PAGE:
Caitleen Kahn

July 15, 2015

You were recently awarded the Catherine Filene Shouse Fellow Post-Grad Internship for your role as Administrative and Operations Assistant at Musicambia. How did you come across this organization?

In short—ALP connections! I knew I would be moving to NYC after graduation, and absolutely wanted to continue my work with El Sistema USA initiatives after working for ROCmusic. As part of my search, I asked Leslie Scatterday if she had any connections to these types of organizations in the city. She got back to me with the contact information for an ALP alum, who put me in touch with Nathan Schram, the founder of Musicambia. (More on Musicambia here.) We set up a meeting to talk over Skype, and from the start it sounded like the perfect opportunity.

What are you most looking forward to about living and working in NYC?

There is so much happening all the time. If you have a particular interest, NYC has something for you. I’m looking forward to taking advantage of as many opportunities as I can, such as getting involved with other El Sistema programs in the city as a volunteer teacher, auditioning for local opera initiatives, and maybe taking some classes at the Irish Arts Center. I’ve already joined a running club (there are about 100 in the city, to give you an idea of the scope), and I can’t wait to be racing again. Of course there are also concerts to attend, museums to visit, restaurants to try, and parks to explore.

One of the most exciting things about NYC is the sheer number of musicians. I’m looking forward to performing with colleagues and friends who have also moved to the city, as well as making connections and creating new collaborations!

This past year, you were an intern at ROCmusic. What are some non-musical skills that you have developed through this internship that you anticipate using as you help Musicambia with social media, advancement initiatives, and collaboration with partner organizations?

One of the most important skills I gained during my time at ROCmusic was the ability to work with many different people in many different positions. For example, I sometimes communicated with administrative professionals, business owners, seven year old students, and concerned parents all in the same afternoon. I anticipate using this set of skills in my upcoming internship as well, because the overall structure of Musicambia has numerous similarities to ROCmusic.

I also learned a lot about how small non-profit organizations run, and what it takes to keep them afloat. There is so much that goes into both day-to-day and long-term planning for groups like ROCmusic and Musicambia that rests largely on the shoulders of one person. It’s fascinating to have the opportunity to assist with this, and to facilitate it in whatever way I can. Which brings me to another key intern lesson—anticipating needs! I’ve learned to think about situations with all sorts of different variables, and plan as best I can for different outcomes. More generally, I’ve also gotten a better sense of which sorts of social media posts perform well, how to run a Mail Chimp account, and how to organize volunteers and delegate tasks.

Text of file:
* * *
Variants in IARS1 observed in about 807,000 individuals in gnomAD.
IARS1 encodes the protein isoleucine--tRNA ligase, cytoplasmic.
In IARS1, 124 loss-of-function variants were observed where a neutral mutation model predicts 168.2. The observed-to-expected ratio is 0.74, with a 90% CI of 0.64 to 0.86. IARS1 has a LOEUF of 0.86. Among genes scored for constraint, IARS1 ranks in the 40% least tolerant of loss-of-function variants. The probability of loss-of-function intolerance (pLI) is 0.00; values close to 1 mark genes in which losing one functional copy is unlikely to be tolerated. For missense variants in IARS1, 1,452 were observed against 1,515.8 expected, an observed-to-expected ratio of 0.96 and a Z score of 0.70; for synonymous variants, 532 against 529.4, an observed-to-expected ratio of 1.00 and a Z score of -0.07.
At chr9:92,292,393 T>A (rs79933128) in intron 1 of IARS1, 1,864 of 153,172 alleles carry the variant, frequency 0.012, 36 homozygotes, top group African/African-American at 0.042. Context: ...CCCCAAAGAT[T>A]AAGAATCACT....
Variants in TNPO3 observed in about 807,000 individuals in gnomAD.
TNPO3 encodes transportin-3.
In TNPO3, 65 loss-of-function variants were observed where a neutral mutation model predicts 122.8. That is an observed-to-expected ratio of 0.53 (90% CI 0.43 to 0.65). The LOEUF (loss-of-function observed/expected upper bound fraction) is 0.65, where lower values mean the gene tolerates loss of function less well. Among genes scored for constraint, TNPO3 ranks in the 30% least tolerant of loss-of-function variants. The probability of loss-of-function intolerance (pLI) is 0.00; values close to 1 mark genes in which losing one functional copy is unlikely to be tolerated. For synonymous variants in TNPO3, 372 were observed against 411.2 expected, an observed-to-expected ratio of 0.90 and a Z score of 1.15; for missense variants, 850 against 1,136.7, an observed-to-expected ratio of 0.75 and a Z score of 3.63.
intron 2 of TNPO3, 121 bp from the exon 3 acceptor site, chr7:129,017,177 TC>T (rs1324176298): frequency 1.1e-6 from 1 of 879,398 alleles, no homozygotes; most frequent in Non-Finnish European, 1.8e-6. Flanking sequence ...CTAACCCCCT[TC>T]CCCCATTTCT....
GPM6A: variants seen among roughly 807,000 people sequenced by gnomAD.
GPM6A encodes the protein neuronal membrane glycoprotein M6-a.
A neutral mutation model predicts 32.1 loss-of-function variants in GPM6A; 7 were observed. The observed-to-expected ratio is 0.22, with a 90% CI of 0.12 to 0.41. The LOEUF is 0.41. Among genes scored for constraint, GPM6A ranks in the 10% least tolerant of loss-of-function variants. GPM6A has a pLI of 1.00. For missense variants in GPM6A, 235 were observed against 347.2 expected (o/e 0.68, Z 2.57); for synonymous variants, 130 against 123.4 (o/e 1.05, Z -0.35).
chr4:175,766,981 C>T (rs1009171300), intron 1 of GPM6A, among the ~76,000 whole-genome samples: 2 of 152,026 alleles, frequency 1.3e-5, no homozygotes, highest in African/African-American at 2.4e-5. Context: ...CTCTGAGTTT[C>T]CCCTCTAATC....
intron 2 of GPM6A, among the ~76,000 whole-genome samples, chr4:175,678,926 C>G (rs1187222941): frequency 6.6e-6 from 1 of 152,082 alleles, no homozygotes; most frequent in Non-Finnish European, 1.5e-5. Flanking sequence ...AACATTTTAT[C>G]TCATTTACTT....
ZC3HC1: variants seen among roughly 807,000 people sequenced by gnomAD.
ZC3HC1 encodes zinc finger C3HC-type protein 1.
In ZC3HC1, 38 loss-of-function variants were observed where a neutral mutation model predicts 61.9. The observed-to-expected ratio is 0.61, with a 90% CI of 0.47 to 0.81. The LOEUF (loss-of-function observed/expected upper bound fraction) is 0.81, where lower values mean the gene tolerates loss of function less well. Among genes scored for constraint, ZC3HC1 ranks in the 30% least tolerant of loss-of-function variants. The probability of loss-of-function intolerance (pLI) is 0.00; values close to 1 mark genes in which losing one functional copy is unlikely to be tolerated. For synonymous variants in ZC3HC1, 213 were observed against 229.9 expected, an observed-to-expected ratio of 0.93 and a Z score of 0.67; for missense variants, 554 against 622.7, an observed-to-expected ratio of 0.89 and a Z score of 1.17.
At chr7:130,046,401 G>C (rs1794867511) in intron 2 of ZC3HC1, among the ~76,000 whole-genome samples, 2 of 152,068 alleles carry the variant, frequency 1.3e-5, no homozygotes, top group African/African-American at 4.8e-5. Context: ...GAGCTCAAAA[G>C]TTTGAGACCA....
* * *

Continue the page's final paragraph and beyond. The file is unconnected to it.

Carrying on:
In addition to your rigorous performance schedule and work with El Sistema initiatives, you are the Founder and Artistic Director of SoundWave Milwaukee. What inspired you to start this multi-disciplinary project?

This project began when I was a freshman in college. I had a number of friends involved in music who were also attending conservatories, and we were still spending part of our summers in Milwaukee. We thought it would be fun to get some extra performance experience during the summer, and it also struck us as a way to give back to the community that had supported our endeavors since we were young. We were off studying and performing in a myriad of different cities, but were no longer performing for the people who had first supported us.

We began putting on one concert a summer for the community. The concerts at the beginning were truly a mishmash of random music that we thought would be fun, but as we went along, we got better at curating more cohesive programs. We didn’t actually decide to name it or formalize it as an initiative until last year (thanks in part to what I learned in ALP courses).

The idea to include more disciplines came from one of our more successful events. In the summer of 2013, our composer-in-residence wrote a song cycle using poems from a local poet. The poet came to our concert and brought his following, highlighting how many more people you can draw when you collaborate! Plus, it really fosters a sense of community pride. Since then, we’ve had other amazing collaborations (i.e. dance, film, photography), and it’s been very rewarding. There’s nothing better than involving your community in your art!

Were there any particular events or courses that you consider to be highlights of your time at Eastman?

Definitely Jim Doser’s ALP course – I would recommend that to everyone. Also, my internship with ROCmusic in general was an amazing experience. A particular highlight from that was when the RPO did an outreach concert at the community center where the kids have their rehearsals. The people who came to see the RPO play that night had largely never been to a classical music event before, and the energy and excitement in the room was palpable. It was one of the most exciting concerts I’ve ever attended. That night just reinforced how alive and full of energy classical music is, and how much bigger our audience could be if everyone had equal access to the arts.

It’s hard to pinpoint exact events— so many performances were incredible and memorable! I think watching my colleagues’ recitals was a particular highlight for me; it’s amazing to watch your friends present music about which they feel passionately.